I walked up to the professor, heart pounding. “Could we talk about the group discussions?” I asked hesitantly. Much of my grade for the course, a prerequisite for my master’s degree, depended on my performance in those discussions. But I had a hard time speaking up, and when I did, everyone—including the instructor—seemed to disagree with me. I wanted to do better, but I didn’t know how. I had arrived in the United States from India just a few months earlier, and I did not know what was expected of me or how the academic system operated. I was confused and desperate for help.
“You’re too nice!” the professor said. “You’re very quick to agree with everyone, and you never stand up for yourself.” I was taken aback. Was I allowed to disagree with a professor? All my previous training had taught me otherwise. Clearly there was a whole set of rules I didn’t know. I wondered whether I ever would.
Since my arrival in the United States, my internal chatter had been a steady stream of uncertainty. When ordering food, what is “to go,” and is it different from a parcel? Which side of the road do I stand on to catch the bus? Oops, I called a cookie a biscuit again. Why would someone ask me how I’m doing if they don’t wait to hear my response? Am I speaking too fast? Too slow? How do I pronounce my R’s?
These struggles extended to the university. I didn’t understand the “shopping” or add-drop periods for classes and spent my first week stressed out about meeting the credit requirements of my university fellowship. I struggled with assignments that tested my thinking and presentation skills instead of asking me to memorize and regurgitate information. The approach to grading was peculiar and confusing. When I went to my first conference, I was convinced that I didn’t fit in.
I didn’t know there was a term for my confusion until a few months ago, when Twitter introduced me to the idea of the “hidden curriculum”—the social and professional norms in academia that are second nature to many but opaque to others, especially scholars from underrepresented groups and other countries, like me. Examples include knowing when it is appropriate to ask for mentorship, understanding research funding structures, and being familiar with standard language used in academic syllabi such as “office hours.” If you know these things, you barely notice them. If you don’t, they are completely bewildering. They usually aren’t formally taught or explained, so it’s up to us to figure them out, one way or another.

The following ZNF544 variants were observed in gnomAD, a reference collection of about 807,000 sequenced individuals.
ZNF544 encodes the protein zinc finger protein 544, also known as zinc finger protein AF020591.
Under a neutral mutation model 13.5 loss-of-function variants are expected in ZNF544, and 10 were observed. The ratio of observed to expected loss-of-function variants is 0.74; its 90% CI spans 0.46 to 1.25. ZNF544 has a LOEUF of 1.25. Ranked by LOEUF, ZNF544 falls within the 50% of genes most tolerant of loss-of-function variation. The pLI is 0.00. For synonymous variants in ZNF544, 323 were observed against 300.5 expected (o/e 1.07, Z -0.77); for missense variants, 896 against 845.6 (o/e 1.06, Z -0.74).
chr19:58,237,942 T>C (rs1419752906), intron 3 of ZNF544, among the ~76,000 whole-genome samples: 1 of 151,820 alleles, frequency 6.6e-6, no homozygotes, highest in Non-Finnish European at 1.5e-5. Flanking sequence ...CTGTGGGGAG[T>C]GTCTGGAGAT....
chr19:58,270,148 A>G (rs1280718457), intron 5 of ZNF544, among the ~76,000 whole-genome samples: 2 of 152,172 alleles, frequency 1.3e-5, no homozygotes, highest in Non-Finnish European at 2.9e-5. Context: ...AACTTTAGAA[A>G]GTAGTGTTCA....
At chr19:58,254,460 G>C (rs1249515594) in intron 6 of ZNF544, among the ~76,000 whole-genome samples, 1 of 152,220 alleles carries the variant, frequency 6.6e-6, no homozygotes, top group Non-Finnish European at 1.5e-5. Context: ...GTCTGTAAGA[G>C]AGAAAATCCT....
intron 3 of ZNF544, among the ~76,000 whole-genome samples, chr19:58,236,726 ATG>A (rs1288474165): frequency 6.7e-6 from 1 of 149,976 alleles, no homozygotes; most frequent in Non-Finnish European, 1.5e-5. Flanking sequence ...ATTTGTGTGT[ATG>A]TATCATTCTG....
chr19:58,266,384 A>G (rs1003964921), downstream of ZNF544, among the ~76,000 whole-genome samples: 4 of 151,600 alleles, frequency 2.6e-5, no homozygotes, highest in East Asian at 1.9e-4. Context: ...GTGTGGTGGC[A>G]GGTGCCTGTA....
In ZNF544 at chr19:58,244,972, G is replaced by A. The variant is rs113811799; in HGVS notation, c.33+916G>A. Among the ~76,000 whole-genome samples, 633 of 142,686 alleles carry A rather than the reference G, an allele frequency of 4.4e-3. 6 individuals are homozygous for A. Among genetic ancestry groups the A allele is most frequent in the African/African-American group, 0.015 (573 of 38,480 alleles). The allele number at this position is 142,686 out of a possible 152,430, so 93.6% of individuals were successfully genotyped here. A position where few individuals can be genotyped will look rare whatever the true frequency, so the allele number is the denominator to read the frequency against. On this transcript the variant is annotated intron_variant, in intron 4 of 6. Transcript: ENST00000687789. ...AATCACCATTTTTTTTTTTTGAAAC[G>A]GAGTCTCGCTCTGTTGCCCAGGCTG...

For me, things started to take a turn for the better when I realized I could reach out for help, particularly from more senior international graduate students. Before my second conference, for example, another student advised me on issues including dress codes, networking, and how to navigate social events. I began to build up a compendium of information—rules of thumb that are obvious to students already familiar with the U.S. higher education system but invaluable for outsiders.
I did not know what was expected of me or how the academic system operated.
After I got my master’s degree, I worked in India for a couple of years before returning to the United States for my Ph.D. I still encounter the hidden curriculum. I only recently realized, for instance, that what I learned about speaking up in class when I was a master’s student also applies to my relationships with my current mentors.
But I’ve come a long way. When I came back to the United States, I knew that I had to advocate for myself and purposefully build a community for support and advice. I got involved with a university organization for female graduate students in the sciences, and I represented the group at a welcome event for incoming students. As I answered their questions I suddenly realized that, even though I was still learning, I had knowledge to share that could help others navigate the hidden curriculum.
Entering an unfamiliar world brings challenges but also an opportunity: to create a community, almost a proxy family, to ease our academic journeys. We can thrive by seeking out “obvious” information, asking hard questions, and advocating for ourselves and everyone who comes after us.